Monday, August 28, 2006

With bells on

What does anyone have against bells? Why, in every possible application, are real bells being replaced by electronic sounds?

We hang onto an early touch-tone phone because when it rings, it actually rings, with the lovely warm sound of a brass bell. It does not bleat, it does not warble, and I've never had the urge to dash it against the wall.

Our doorbell is schizophrenic. A hideous little buzzer sounds in the basement, but upstairs, in the dining room, is a grand old clock with four tubular bells, which doubles as the doorbell. It's resonant, grand, and makes me eager to see who or what has turned up on the doorstep--even Jehovah's Witnesses.

The kitchen timer is a beeper now, and so are the microwave and the alarm clock. Oddly, the toaster oven is a tinkly old-fashioned "ding". The carillon at the train station is a recording of a carillon. Hmph!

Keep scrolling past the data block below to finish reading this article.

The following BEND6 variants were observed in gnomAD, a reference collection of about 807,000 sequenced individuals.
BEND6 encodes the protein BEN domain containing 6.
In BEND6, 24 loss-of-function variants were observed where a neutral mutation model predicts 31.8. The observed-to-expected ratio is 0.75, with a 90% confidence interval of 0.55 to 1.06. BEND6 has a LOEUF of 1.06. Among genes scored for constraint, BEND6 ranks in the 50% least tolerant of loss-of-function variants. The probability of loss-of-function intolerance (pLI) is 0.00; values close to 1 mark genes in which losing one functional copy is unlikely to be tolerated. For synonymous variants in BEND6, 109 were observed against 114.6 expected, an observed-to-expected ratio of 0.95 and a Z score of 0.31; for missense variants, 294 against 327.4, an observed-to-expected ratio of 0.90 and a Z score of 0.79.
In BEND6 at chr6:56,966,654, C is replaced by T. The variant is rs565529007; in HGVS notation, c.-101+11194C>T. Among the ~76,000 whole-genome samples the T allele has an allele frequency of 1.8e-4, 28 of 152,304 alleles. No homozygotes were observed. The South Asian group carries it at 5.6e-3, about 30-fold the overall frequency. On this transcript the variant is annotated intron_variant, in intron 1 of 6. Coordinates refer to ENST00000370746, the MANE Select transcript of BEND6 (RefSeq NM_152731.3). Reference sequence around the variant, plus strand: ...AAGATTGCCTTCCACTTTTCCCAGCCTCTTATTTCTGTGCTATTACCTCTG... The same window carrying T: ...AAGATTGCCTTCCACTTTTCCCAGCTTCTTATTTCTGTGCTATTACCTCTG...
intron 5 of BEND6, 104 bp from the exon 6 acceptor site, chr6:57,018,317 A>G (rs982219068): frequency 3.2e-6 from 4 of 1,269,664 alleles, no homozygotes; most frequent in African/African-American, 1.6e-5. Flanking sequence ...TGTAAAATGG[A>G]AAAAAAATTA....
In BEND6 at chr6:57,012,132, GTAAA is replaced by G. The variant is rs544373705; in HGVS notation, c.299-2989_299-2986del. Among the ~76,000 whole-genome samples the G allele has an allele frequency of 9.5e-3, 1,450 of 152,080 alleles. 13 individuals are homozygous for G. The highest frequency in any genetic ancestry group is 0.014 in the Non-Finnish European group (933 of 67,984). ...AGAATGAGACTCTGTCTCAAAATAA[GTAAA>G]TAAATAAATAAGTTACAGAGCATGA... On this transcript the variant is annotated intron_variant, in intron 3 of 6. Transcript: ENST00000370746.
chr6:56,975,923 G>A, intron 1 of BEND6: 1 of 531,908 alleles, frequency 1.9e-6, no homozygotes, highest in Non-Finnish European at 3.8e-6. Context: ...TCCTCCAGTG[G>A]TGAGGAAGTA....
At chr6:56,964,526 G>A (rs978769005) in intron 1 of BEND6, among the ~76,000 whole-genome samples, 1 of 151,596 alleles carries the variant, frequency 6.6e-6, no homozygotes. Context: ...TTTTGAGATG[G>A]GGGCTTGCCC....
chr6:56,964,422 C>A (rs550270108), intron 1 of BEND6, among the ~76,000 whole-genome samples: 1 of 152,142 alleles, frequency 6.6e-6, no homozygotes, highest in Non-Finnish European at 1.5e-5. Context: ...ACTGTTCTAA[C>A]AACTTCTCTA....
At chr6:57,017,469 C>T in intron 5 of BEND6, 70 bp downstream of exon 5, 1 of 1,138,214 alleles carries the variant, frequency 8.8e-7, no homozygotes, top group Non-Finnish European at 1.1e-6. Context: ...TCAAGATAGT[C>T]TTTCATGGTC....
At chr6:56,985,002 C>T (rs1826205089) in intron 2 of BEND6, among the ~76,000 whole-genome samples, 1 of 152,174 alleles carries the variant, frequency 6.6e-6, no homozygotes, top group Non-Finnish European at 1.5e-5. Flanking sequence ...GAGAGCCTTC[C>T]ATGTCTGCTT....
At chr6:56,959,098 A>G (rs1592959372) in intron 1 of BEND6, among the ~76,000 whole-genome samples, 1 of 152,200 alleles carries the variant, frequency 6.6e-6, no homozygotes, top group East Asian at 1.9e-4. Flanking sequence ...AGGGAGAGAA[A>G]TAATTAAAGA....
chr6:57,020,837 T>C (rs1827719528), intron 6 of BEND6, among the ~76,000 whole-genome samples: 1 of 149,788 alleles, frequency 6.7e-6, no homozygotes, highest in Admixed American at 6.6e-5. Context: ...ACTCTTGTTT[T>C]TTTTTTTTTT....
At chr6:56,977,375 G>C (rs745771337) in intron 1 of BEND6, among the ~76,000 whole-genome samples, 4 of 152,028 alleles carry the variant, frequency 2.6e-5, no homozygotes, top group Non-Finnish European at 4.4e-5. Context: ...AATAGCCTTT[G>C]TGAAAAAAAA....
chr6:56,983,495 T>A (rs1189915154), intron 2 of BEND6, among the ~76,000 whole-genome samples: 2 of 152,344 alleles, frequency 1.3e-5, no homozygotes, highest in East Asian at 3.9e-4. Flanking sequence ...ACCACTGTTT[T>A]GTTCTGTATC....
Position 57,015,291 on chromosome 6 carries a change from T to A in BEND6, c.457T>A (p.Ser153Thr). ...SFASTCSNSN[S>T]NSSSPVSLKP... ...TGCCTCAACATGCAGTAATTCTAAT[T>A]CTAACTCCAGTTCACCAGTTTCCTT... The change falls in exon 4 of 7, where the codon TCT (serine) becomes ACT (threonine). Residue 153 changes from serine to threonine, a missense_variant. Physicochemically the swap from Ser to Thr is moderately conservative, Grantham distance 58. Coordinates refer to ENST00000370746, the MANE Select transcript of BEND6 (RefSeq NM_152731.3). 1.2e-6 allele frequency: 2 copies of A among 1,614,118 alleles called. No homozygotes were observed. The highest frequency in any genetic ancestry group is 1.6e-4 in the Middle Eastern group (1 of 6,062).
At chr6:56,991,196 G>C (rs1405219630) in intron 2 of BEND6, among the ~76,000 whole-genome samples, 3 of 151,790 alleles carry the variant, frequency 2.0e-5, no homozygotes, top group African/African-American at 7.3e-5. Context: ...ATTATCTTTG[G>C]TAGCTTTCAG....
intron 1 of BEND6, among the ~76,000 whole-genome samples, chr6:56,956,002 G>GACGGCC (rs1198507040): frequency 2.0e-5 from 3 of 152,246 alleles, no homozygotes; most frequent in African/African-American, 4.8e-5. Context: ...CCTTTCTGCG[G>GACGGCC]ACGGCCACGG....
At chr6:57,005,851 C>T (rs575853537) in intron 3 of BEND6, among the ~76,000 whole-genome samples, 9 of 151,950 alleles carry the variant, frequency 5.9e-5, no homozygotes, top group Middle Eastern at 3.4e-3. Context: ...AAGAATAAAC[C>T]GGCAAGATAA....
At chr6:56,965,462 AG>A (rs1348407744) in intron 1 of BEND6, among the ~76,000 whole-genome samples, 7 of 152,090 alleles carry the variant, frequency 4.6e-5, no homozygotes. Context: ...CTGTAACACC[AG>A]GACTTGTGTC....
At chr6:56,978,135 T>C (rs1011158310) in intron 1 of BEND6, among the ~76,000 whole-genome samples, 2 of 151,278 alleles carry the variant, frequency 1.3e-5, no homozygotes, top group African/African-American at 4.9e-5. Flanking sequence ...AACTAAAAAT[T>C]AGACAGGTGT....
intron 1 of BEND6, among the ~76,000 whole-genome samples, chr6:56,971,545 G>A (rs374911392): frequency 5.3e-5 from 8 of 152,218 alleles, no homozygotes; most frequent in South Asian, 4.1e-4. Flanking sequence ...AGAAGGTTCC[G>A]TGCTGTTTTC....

Oddest to me is the warning signal at the train crossing near our station. It's truly important to give people a clear, audible warning not to cross the tracks when a train is approaching. It's not a mechanical bell, though.
It's a recording of a train warning bell. There are two ways you can tell. First, it sometimes cuts off in mid "ding" when the crossing gates go up. And second, on wet, squelchy days like today, it starts out on a low tone and then rises in pitch, like a tape being sped up, or a phonograph record being started from a standstill. It makes a warped, bilious sound. Do honest clanging train bells really fail so much that they needed to be replaced with fake ones?

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